So the decision has been made...do a genealogical search in order to reclaim my heritage. This is a decision much easier said than done.
An immediate question came to mind. Where does one begin?
Yes, I had done a successful search for my birth parents and learned some research techniques. Could I use these in this type of search?
I went to the library to check out books concerning genealogical searches I also utilized the Internet. I found most the resources either too technical or showed ways to just put together a family tree.
I did not want my research to result in your typical genealogy fact sheet filled with just names and dates of a family tree. I wanted to do more than put together a family tree. I wanted to find relatives that might still be alive. I wanted to see pictures. I wanted to hear stories. I wanted to find out all that I had missed out on. I wanted to be able to reclaim the heritage I had so long been denied.
This became even more important when I decided to create a web site with a section devoted to my family genealogy. I wanted to not only share many of the search tips I picked up along the way but also I wanted to share my family's story.
I did not have the resources most raised within their natural family had to begin such a search. I would have to start from scratch and develop my own list of search techniques.
I had my great grandparents names. I knew they were Polish but did not know if they were born in this country or had immigrated from the old country. I knew where they lived. That was the extent of my information.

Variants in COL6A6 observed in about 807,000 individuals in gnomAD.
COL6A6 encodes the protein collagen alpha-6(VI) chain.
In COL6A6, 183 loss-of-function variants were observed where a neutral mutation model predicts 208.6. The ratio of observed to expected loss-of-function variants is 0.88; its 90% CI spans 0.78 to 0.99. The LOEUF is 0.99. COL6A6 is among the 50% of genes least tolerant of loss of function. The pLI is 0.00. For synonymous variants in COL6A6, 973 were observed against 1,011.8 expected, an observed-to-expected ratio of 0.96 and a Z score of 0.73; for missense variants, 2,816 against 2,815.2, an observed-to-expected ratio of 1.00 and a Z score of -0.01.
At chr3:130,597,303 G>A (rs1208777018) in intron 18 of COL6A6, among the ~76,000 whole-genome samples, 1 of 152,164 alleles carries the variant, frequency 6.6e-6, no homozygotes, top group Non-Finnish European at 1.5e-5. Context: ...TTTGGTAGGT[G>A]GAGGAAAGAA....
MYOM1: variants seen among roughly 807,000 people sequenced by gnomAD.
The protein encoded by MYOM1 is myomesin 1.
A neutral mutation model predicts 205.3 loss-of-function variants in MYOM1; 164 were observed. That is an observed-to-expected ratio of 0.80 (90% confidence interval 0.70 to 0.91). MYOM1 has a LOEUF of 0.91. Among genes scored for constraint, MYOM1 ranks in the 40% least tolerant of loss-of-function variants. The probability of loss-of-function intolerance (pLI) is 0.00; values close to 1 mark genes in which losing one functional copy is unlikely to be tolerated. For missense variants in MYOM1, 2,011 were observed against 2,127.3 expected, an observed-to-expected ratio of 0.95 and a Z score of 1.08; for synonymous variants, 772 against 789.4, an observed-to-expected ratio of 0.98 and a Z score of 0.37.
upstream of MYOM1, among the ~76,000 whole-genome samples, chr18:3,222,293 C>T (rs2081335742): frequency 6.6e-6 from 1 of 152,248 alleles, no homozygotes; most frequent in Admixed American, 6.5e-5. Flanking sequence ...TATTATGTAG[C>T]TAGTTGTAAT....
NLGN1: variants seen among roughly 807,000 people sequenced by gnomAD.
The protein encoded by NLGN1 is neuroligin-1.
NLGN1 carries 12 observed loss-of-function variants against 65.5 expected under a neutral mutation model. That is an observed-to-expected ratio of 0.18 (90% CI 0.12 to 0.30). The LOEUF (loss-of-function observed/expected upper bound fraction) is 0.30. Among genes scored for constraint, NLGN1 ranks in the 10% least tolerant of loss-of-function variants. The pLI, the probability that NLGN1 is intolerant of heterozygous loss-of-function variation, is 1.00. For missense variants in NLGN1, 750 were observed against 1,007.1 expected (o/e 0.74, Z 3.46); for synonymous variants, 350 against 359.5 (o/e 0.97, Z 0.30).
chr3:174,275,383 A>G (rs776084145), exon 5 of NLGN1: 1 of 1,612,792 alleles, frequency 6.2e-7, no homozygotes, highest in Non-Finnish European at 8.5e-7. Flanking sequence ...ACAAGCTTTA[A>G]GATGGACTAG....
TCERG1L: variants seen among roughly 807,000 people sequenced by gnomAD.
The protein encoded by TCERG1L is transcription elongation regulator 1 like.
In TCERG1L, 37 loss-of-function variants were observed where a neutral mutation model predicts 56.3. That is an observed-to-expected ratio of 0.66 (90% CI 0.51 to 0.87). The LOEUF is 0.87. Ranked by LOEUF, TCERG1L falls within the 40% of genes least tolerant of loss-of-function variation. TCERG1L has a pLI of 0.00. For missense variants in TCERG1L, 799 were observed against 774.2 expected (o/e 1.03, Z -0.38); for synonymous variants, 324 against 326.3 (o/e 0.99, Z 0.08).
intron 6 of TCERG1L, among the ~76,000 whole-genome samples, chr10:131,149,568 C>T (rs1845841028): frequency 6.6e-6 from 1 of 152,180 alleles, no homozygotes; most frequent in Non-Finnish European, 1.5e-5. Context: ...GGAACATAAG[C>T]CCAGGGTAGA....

I knew my grandfather had been born in 1902. I decided I would begin my research using the Federal Census. A census had been done two years earlier (1900). This would be my starting point.
I would end up checking all the census records back to 1880 as well as forward to 1930. I would also find a separate Michigan state census of 1884.
I would have to go through several "Passenger Lists" to determine when they came to America as the census did at least tell me they were immigrants from Poland.
Death certificates would be requested which would provide information regarding my great great grandparents.
Many hours would be spent searching through a variety of data bases on the Internet. I became active in several genealogy discussion groups on the Internet so I could ask others if they could provide information. I became acquainted as a result of this with two very hopeful woman who over time were able to provide an abundance of information as they also were doing research of Polish ancestors in Bay City. Thank you Judy and Fran!
I ended up taking a two week vacation in Salt Lake City, Utah so I might be able to go to the LDS Family History Library. There I was able to go through many rolls of film, microfiche, books and other records that provided tidbits of information I would find nowhere else.
It would even take trips to Bay City, Michigan before I could begin to put together the story of the Piechowiaks Come to America.
I won't enumerate all the resources used to discover the information that has resulted in the next chapter. I have just mentioned a few here at this point. I will mention others as I create new chapters. It is my intent at the conclusion of this section of the web site to create a chapter entirely devoted to listing all the ideas and tips I have discovered that one can use for genealogical research.